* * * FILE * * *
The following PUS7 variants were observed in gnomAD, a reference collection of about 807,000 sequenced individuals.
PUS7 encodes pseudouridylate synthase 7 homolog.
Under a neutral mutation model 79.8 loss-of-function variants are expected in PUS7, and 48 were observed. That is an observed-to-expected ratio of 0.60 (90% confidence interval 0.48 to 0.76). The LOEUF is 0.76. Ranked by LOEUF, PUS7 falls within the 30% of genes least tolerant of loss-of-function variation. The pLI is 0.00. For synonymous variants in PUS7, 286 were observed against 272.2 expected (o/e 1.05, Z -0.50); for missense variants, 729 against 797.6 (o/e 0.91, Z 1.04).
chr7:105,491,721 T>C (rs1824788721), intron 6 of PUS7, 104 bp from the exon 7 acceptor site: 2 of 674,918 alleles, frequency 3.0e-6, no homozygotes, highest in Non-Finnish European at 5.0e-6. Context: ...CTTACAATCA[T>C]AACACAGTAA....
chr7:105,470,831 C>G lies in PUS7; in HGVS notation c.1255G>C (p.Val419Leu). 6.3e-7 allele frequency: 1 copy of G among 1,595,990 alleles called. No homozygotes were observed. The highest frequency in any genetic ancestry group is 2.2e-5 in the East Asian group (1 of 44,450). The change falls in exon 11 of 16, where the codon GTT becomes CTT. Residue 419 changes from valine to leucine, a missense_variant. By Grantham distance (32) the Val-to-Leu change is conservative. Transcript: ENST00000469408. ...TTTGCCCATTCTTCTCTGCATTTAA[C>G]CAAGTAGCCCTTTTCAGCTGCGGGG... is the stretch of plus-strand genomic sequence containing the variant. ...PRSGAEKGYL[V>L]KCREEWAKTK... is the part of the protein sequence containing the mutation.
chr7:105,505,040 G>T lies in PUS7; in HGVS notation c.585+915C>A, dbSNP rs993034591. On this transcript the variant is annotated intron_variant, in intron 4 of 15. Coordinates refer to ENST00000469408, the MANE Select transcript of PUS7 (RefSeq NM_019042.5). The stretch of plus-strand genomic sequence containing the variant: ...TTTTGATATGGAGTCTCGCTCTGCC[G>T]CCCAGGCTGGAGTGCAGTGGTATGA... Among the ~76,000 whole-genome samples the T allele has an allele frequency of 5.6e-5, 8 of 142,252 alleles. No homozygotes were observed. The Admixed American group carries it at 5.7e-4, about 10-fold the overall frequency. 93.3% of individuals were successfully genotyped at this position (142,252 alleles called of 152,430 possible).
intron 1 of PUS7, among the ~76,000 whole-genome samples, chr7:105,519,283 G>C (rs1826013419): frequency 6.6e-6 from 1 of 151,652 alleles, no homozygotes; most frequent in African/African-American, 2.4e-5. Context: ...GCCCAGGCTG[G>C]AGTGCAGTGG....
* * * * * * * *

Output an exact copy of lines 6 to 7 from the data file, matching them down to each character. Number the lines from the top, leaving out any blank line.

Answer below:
chr7:105,505,040 G>T lies in PUS7; in HGVS notation c.585+915C>A, dbSNP rs993034591. On this transcript the variant is annotated intron_variant, in intron 4 of 15. Coordinates refer to ENST00000469408, the MANE Select transcript of PUS7 (RefSeq NM_019042.5). The stretch of plus-strand genomic sequence containing the variant: ...TTTTGATATGGAGTCTCGCTCTGCC[G>T]CCCAGGCTGGAGTGCAGTGGTATGA... Among the ~76,000 whole-genome samples the T allele has an allele frequency of 5.6e-5, 8 of 142,252 alleles. No homozygotes were observed. The Admixed American group carries it at 5.7e-4, about 10-fold the overall frequency. 93.3% of individuals were successfully genotyped at this position (142,252 alleles called of 152,430 possible).
intron 1 of PUS7, among the ~76,000 whole-genome samples, chr7:105,519,283 G>C (rs1826013419): frequency 6.6e-6 from 1 of 151,652 alleles, no homozygotes; most frequent in African/African-American, 2.4e-5. Context: ...GCCCAGGCTG[G>C]AGTGCAGTGG....